This was strange indeed! But strange things may be generally accounted for if their cause be fairly searched out. There was not one lord in the neighbourhood; no—not even a baronet. There was not one family among their acquaintance who had reared and supported a boy accidentally found at their door—not one young man whose origin was unknown. Her father had no ward, and the squire of the parish no children. Even the servants had no sufficiently ruddy cheeked and comely young son to mysteriously pass by her in the green, while leading a nobly saddled mare (nay, a proper stallion!) or carrying a mighty load of firewood worthy of someone endowed with Herculean or knightly upper limbs.
But when a young lady is to be an heroine, the perverseness of forty surrounding families cannot prevent her. Neither can large oceanic-bound landmasses, arid deserts or frightful moors. Indeed, not even Heaven itself. Something must and will happen to throw a hero in her way.
Mr. Allen, who owned the chief of the property about Fullerton, the village in Wiltshire where the Morlands lived, was ordered to Bath for the benefit of a gouty constitution—and his lady, a good-humoured woman, fond of Miss Morland, and probably aware that if adventures will not befall a young lady in her own village, she must seek them abroad, invited her to go with them. Mr. and Mrs. Morland were all compliance, and Catherine all happiness.
And the angels? For mysterious reasons they were in a bit of a tumult!
n addition to what has been already said of Catherine Morland’s personal and mental endowments, when about to be launched into all the difficulties and dangers of a six weeks’ residence in Bath (and a possible heroic grand adventure), it may be stated that her heart was affectionate; her disposition cheerful and open, and—discounting her tendency to “converse” out loud, without conceit or affectation of any kind. Her manners were just removed from the awkwardness and shyness of a girl; her person pleasing, and, when in good looks, pretty—and her mind about as ignorant and uninformed as the female (or for that matter, male) mind at seventeen usually is. In short, a mind ready to be molded by grander forces, be it of Heavenly, or, God forbid, of a rather lower variety.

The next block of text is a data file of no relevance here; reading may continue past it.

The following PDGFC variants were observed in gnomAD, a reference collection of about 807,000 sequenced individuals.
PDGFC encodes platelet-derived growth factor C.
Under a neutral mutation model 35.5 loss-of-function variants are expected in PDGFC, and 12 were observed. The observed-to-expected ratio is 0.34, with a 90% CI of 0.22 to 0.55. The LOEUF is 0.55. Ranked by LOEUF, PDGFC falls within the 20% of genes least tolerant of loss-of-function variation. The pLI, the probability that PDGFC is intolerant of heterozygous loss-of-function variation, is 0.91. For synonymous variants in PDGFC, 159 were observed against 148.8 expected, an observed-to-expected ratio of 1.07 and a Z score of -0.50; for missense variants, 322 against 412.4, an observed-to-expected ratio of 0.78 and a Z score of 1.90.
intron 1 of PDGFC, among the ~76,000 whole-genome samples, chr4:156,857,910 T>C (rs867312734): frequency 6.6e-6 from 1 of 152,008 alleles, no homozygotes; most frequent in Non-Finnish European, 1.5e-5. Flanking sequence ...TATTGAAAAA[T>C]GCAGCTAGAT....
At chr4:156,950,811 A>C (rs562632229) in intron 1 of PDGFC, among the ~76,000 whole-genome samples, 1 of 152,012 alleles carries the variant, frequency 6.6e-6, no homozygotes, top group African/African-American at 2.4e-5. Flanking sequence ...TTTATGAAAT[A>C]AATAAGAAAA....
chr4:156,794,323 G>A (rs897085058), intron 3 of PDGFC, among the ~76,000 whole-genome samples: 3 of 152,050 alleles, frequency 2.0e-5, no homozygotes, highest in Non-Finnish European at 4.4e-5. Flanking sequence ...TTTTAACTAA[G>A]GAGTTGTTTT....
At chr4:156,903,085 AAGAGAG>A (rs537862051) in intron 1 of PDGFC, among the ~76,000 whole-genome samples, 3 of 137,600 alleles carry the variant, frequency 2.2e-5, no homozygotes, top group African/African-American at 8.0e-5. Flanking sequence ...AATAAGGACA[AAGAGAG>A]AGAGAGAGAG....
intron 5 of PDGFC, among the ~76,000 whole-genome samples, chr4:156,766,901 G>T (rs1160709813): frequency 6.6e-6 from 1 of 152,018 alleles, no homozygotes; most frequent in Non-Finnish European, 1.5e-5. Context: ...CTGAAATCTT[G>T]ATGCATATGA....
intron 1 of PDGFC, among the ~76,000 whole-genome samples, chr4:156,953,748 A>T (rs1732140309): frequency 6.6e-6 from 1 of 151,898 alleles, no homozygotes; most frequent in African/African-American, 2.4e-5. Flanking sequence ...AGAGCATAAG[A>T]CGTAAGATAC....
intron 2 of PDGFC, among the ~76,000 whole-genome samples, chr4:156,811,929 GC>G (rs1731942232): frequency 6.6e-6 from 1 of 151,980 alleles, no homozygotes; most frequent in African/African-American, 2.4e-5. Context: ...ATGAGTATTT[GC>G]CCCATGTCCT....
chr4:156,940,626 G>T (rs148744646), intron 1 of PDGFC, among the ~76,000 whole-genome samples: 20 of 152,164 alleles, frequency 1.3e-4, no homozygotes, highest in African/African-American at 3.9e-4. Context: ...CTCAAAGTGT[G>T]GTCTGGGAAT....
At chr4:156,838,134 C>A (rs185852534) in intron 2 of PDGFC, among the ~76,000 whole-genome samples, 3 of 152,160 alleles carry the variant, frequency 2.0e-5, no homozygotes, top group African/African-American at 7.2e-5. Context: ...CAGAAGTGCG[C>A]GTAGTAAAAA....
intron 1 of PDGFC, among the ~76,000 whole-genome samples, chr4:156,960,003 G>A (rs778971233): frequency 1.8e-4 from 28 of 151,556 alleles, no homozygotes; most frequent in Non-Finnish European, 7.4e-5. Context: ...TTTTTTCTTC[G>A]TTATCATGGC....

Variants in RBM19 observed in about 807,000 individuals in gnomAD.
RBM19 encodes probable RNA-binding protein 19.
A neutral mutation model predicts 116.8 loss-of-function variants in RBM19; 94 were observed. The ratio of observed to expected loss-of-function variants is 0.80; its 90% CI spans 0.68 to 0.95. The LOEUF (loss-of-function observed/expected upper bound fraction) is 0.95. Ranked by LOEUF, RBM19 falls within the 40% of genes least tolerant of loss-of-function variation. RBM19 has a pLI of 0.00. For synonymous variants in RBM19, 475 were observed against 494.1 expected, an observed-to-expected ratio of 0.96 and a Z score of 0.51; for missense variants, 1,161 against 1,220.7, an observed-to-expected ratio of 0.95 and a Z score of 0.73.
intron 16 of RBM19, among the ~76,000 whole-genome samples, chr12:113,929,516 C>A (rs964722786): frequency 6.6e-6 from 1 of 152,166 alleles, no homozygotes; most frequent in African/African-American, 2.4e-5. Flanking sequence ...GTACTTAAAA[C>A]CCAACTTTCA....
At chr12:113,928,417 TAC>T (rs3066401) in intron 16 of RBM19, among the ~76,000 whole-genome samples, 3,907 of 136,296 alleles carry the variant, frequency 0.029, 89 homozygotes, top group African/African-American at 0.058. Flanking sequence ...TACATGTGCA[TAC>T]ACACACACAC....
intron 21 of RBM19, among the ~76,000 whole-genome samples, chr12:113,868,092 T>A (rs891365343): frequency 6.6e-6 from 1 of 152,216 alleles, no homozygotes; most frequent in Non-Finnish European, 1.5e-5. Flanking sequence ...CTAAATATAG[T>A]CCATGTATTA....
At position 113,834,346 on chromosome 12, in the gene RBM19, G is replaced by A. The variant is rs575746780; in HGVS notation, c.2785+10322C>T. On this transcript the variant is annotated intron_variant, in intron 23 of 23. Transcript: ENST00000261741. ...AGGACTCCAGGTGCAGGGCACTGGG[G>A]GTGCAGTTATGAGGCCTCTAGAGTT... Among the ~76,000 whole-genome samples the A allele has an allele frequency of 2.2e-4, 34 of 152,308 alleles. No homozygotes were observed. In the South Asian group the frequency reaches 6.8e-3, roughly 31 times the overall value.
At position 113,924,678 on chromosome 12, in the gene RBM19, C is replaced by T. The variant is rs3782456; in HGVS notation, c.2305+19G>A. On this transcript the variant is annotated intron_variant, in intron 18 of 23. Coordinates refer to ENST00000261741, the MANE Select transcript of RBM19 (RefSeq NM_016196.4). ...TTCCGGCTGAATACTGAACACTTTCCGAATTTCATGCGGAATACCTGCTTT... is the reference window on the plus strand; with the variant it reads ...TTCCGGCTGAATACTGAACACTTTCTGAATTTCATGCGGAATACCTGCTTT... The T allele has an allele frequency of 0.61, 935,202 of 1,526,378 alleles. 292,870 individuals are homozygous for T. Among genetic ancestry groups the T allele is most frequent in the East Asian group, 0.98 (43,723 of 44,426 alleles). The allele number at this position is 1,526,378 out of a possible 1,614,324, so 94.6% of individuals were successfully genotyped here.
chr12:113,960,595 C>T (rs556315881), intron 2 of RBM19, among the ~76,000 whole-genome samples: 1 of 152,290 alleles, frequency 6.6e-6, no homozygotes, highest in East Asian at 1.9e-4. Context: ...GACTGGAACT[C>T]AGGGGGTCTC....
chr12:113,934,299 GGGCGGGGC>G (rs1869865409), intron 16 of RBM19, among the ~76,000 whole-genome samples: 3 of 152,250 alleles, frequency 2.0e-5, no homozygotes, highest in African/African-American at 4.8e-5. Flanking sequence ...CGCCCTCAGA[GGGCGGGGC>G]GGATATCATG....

But once again, dear Reader, we are getting somewhat ahead of ourselves. . . .
When the hour of departure drew near, the maternal anxiety of Mrs. Morland will be naturally supposed to be most severe. A thousand alarming presentiments of evil to her beloved Catherine from this terrific separation must oppress her heart and drown her in tears for the last days of their being together (while angels all over the domicile went into veritable flurries of sympathetic agitation, occasionally knocking down minor objects on shelves and raising inexplicable drafts in closed windowless rooms). And important advice must of course flow from wise maternal lips in their parting conference in her closet (closets being the obligatory locales for such). Cautions against the violence of noblemen who delight in forcing young ladies away to some remote farm-house, must, at such a moment, relieve the fullness of her heart. Who would not think so?
But Mrs. Morland knew so little of lords and baronets, that she entertained no notion of their general mischievousness, and was wholly unsuspicious of danger to her daughter from their machinations. Her cautions were confined to the following points. “I beg, Catherine, you will always wrap yourself up very warm about the throat, when you come from the rooms at night; and I wish you would try to keep some account of the money you spend; I will give you this little book on purpose—Pray, are you listening, child? You appear so distracted yet again. Were you just talking to the wardrobe chest? Oh dear . . .”